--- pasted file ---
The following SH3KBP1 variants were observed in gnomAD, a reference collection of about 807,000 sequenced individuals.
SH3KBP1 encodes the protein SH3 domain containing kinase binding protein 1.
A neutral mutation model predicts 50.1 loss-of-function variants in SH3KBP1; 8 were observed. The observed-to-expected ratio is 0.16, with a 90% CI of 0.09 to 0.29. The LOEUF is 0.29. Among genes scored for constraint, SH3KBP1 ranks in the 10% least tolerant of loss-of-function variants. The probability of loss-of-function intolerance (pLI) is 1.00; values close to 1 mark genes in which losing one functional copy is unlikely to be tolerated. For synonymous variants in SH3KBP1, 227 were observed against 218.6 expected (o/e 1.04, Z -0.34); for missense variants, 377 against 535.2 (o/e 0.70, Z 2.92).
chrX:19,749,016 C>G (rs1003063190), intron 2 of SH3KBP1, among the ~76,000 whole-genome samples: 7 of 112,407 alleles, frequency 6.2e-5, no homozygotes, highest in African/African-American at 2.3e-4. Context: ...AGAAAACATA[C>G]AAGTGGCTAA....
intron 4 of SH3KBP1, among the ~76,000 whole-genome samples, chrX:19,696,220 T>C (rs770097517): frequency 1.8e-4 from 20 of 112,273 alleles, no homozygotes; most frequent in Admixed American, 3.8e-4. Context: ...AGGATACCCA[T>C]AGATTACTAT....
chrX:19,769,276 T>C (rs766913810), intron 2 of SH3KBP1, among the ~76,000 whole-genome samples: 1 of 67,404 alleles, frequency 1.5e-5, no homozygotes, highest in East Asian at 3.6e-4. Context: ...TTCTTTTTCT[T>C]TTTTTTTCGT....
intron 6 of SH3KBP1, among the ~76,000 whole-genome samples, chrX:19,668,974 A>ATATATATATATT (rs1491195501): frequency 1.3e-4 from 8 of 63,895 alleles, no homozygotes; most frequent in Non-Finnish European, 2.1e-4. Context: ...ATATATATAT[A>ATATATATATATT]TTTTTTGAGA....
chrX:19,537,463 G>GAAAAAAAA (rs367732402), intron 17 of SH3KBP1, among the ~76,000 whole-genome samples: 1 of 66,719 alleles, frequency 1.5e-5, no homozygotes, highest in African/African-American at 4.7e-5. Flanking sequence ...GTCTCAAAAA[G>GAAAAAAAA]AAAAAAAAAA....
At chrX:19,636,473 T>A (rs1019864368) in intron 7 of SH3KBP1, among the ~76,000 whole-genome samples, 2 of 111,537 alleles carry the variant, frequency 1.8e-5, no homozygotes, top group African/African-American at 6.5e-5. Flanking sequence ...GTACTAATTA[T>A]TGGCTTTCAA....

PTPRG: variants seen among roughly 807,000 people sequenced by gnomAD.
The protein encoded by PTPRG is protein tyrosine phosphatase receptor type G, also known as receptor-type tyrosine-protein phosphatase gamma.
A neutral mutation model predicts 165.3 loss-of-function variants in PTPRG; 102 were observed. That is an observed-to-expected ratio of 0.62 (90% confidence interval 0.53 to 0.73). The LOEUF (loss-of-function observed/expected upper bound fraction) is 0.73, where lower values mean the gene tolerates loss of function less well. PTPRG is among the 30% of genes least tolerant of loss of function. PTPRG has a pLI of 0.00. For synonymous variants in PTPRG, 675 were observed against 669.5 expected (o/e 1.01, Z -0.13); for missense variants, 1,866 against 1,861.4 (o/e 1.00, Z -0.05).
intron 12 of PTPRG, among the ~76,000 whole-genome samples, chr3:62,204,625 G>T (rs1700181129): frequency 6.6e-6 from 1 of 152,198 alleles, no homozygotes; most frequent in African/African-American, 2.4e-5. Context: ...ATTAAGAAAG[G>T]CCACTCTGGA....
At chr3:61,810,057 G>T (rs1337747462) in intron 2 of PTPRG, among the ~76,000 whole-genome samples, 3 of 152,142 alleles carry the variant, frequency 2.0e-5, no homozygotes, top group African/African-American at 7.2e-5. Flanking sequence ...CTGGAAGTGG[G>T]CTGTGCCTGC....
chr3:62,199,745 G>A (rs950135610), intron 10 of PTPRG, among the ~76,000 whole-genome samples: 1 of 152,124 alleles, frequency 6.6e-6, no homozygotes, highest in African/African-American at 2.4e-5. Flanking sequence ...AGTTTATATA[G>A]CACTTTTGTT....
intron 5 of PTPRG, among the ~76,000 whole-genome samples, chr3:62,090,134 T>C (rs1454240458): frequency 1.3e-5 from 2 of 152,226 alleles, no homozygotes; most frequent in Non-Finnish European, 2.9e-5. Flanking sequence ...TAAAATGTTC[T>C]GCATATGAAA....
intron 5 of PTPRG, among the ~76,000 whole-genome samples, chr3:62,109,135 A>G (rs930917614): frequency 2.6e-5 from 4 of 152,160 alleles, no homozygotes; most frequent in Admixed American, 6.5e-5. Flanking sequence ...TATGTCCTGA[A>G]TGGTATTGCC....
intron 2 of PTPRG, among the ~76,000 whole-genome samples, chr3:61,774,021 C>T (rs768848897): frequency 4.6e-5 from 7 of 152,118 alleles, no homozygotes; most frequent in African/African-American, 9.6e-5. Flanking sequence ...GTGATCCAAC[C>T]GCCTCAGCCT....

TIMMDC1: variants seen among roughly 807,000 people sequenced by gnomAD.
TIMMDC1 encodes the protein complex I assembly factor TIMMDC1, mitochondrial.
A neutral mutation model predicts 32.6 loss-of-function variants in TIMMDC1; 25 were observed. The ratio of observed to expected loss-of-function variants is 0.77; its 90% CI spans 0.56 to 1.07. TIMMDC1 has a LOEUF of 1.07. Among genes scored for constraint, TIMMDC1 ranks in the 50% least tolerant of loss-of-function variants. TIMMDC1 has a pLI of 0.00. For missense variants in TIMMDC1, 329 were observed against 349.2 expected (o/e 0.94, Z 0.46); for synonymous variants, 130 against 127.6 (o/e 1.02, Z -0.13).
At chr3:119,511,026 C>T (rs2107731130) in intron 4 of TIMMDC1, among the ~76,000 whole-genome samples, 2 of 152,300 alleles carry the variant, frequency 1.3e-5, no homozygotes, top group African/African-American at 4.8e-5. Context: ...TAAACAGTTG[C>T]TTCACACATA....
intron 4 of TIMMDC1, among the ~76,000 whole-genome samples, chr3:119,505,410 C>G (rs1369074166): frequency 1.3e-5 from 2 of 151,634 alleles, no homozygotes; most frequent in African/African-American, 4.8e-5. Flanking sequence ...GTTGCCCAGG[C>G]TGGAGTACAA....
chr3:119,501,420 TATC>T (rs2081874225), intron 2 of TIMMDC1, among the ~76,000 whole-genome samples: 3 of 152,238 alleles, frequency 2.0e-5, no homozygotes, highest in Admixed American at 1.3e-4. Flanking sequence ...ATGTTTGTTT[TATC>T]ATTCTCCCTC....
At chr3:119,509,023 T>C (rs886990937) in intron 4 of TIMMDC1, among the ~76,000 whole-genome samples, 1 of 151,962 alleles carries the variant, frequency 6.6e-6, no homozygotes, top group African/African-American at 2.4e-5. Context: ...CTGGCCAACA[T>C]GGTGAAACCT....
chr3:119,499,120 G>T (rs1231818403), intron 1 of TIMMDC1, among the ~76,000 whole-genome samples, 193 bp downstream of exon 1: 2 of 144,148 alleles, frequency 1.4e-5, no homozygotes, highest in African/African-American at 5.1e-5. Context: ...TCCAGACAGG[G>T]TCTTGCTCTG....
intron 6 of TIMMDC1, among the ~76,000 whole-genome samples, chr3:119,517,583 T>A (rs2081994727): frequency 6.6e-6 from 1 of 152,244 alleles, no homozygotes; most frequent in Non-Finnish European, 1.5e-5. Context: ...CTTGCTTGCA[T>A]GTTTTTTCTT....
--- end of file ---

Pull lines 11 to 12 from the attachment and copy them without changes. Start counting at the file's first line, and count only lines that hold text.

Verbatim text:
The protein encoded by PTPRG is protein tyrosine phosphatase receptor type G, also known as receptor-type tyrosine-protein phosphatase gamma.
A neutral mutation model predicts 165.3 loss-of-function variants in PTPRG; 102 were observed. That is an observed-to-expected ratio of 0.62 (90% confidence interval 0.53 to 0.73). The LOEUF (loss-of-function observed/expected upper bound fraction) is 0.73, where lower values mean the gene tolerates loss of function less well. PTPRG is among the 30% of genes least tolerant of loss of function. PTPRG has a pLI of 0.00. For synonymous variants in PTPRG, 675 were observed against 669.5 expected (o/e 1.01, Z -0.13); for missense variants, 1,866 against 1,861.4 (o/e 1.00, Z -0.05).